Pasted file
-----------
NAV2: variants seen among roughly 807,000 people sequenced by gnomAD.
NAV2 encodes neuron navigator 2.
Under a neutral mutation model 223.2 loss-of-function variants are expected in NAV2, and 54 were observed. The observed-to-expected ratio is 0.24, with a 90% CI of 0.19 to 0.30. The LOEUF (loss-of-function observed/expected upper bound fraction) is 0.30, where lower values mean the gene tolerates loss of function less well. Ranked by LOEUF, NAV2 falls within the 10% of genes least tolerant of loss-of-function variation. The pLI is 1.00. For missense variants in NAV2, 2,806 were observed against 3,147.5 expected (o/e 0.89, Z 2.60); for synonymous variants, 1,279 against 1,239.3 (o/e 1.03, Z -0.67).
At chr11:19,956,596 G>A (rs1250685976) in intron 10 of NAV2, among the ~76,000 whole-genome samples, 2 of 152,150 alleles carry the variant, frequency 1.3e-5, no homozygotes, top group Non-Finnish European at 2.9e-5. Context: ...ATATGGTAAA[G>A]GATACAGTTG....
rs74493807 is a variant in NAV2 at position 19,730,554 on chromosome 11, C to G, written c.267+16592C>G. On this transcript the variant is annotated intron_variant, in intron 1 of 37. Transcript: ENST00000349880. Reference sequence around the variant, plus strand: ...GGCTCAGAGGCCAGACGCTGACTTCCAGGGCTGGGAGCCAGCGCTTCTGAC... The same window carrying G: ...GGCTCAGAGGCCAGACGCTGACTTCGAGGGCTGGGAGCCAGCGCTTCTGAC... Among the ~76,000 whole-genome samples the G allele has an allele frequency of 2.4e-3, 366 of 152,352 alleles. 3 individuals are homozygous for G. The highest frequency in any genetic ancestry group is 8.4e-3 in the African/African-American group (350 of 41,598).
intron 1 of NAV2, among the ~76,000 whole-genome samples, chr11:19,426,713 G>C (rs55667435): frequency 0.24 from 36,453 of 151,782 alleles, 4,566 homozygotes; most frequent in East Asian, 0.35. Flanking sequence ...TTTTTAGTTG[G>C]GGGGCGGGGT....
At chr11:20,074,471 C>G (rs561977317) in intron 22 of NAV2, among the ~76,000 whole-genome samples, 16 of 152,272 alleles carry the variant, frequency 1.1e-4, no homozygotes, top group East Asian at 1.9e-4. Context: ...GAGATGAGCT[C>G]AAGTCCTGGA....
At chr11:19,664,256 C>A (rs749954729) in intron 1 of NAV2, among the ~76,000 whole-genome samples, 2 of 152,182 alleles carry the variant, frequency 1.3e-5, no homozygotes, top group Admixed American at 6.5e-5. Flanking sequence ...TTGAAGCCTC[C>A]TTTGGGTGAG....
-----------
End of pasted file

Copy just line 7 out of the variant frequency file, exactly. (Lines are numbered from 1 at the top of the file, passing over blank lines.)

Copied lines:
At chr11:20,074,471 C>G (rs561977317) in intron 22 of NAV2, among the ~76,000 whole-genome samples, 16 of 152,272 alleles carry the variant, frequency 1.1e-4, no homozygotes, top group East Asian at 1.9e-4. Context: ...GAGATGAGCT[C>G]AAGTCCTGGA....